Protesters vowed to continue their demonstrations until Mubarak leaves office. "This is no longer a time of fear. It's a time of change," said Mohammed Nabil, a 35-year-old doctor who, like many, said he was participating in his first protest. "We want Mubarak to leave and end 30 years of oppression."

Despite calls by Egypt's main opposition party, the Muslim Brotherhood, for members to join the movement, this week's protests have been decidedly secular. Demonstrators, most of whom appear to be members of the nation's middle class, said their campaign has little to do with religion.

"We need a just government. It doesn't matter whether it's Islamic or secular. The issue is justice," said Mustafa Reda, a 22-year-old whose eyes were bloodshot and throat raw from choking on tear gas.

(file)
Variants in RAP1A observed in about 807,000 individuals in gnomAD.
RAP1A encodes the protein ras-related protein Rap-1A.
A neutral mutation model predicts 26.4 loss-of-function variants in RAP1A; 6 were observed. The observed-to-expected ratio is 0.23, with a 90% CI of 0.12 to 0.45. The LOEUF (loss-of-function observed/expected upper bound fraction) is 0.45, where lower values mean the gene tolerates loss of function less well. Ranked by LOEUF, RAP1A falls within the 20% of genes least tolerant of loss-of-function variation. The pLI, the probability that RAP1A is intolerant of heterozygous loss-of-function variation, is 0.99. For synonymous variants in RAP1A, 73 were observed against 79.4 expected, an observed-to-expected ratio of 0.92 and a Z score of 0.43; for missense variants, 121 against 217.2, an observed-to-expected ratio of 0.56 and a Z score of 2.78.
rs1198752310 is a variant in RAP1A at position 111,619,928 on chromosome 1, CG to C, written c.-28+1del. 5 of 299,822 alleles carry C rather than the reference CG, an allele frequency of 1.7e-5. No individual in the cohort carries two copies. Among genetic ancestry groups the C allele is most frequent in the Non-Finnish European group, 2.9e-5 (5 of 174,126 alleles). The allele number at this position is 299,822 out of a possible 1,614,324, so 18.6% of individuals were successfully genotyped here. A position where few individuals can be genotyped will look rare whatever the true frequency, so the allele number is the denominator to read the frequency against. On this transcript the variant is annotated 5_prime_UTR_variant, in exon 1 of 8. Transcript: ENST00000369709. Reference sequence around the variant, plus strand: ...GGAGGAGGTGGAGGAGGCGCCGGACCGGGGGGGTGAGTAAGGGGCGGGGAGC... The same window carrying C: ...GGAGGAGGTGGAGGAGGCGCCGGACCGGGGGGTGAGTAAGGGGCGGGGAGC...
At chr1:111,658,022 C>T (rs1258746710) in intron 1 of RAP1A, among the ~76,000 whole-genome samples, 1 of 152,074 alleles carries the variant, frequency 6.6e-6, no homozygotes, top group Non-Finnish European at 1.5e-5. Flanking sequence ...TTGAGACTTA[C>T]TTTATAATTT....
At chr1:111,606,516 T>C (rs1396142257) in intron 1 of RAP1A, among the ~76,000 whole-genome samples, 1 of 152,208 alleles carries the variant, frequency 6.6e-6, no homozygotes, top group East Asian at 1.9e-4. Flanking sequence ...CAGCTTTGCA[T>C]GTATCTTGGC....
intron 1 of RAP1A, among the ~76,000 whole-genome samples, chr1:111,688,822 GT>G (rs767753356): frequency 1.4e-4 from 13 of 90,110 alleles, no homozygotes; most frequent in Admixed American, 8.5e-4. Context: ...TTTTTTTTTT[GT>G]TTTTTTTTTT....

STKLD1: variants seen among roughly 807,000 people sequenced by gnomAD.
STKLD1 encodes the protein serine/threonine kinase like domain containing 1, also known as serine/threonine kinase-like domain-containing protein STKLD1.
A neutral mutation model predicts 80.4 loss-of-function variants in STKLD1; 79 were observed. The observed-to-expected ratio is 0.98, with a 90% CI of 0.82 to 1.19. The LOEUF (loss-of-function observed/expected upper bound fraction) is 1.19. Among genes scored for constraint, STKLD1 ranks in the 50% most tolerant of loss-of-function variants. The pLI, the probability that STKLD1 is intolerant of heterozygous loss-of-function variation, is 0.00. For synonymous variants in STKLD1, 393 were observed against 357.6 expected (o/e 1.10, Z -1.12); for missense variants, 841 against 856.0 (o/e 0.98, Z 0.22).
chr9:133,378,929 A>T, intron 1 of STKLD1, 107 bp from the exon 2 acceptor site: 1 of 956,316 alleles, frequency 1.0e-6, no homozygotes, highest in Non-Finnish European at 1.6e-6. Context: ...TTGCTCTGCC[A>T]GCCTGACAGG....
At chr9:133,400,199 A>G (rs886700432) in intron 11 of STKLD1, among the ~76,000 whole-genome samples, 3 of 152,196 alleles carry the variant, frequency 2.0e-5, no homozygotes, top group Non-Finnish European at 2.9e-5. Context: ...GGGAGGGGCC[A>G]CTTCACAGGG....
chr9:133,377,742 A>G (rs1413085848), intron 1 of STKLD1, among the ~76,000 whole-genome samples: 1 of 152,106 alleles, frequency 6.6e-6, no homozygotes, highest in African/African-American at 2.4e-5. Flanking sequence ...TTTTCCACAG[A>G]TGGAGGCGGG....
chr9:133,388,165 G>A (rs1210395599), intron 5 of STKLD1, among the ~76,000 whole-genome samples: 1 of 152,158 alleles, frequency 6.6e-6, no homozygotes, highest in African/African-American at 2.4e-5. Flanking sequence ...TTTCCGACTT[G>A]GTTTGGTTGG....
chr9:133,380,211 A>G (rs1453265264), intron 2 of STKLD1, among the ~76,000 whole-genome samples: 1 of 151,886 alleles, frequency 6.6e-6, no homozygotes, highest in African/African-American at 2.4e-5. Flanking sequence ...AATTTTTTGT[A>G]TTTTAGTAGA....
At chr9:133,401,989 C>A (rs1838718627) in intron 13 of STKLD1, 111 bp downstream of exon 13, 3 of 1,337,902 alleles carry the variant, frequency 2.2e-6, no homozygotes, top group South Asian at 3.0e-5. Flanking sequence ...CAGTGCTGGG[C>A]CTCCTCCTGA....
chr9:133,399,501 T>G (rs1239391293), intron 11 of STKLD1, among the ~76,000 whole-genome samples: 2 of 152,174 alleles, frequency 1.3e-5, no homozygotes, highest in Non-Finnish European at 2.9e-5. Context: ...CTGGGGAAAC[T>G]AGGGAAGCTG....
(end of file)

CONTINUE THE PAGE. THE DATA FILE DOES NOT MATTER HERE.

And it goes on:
Reda said he took to the streets only after friends were killed earlier in the week in demonstrations in the northeastern city of Suez. Protests there, in Alexandria and in cities across Egypt continued Friday.

It was unclear how many protesters were killed or injured during Friday's mayhem. At one point in Cairo, an armored personnel carrier steered directly into a swarm of demonstrators. A police officer firing from a hatch in the roof shot at least two men. When fellow protesters tried to drive the wounded men away, police stopped their vehicle, forced all able-bodied occupants out and relentlessly beat them in the middle of the street.